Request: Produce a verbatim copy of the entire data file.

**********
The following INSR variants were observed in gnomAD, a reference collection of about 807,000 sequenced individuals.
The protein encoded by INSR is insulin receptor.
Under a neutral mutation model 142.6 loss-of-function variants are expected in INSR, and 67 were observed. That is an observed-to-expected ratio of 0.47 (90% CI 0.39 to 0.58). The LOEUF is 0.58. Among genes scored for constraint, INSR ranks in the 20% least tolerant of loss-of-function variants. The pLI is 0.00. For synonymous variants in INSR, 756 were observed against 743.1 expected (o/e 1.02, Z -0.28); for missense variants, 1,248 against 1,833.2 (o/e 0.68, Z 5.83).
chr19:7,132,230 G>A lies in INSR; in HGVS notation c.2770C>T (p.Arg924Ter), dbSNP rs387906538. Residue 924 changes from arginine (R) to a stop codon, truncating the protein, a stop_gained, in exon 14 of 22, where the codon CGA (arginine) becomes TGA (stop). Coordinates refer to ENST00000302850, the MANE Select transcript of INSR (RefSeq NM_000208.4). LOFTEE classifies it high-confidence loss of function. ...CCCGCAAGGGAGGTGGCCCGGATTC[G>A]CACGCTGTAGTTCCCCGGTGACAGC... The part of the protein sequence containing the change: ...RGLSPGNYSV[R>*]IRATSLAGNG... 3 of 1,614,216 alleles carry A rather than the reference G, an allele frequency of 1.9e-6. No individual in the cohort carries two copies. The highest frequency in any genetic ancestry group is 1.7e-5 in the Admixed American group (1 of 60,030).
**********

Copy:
The following INSR variants were observed in gnomAD, a reference collection of about 807,000 sequenced individuals.
The protein encoded by INSR is insulin receptor.
Under a neutral mutation model 142.6 loss-of-function variants are expected in INSR, and 67 were observed. That is an observed-to-expected ratio of 0.47 (90% CI 0.39 to 0.58). The LOEUF is 0.58. Among genes scored for constraint, INSR ranks in the 20% least tolerant of loss-of-function variants. The pLI is 0.00. For synonymous variants in INSR, 756 were observed against 743.1 expected (o/e 1.02, Z -0.28); for missense variants, 1,248 against 1,833.2 (o/e 0.68, Z 5.83).
chr19:7,132,230 G>A lies in INSR; in HGVS notation c.2770C>T (p.Arg924Ter), dbSNP rs387906538. Residue 924 changes from arginine (R) to a stop codon, truncating the protein, a stop_gained, in exon 14 of 22, where the codon CGA (arginine) becomes TGA (stop). Coordinates refer to ENST00000302850, the MANE Select transcript of INSR (RefSeq NM_000208.4). LOFTEE classifies it high-confidence loss of function. ...CCCGCAAGGGAGGTGGCCCGGATTC[G>A]CACGCTGTAGTTCCCCGGTGACAGC... The part of the protein sequence containing the change: ...RGLSPGNYSV[R>*]IRATSLAGNG... 3 of 1,614,216 alleles carry A rather than the reference G, an allele frequency of 1.9e-6. No individual in the cohort carries two copies. The highest frequency in any genetic ancestry group is 1.7e-5 in the Admixed American group (1 of 60,030).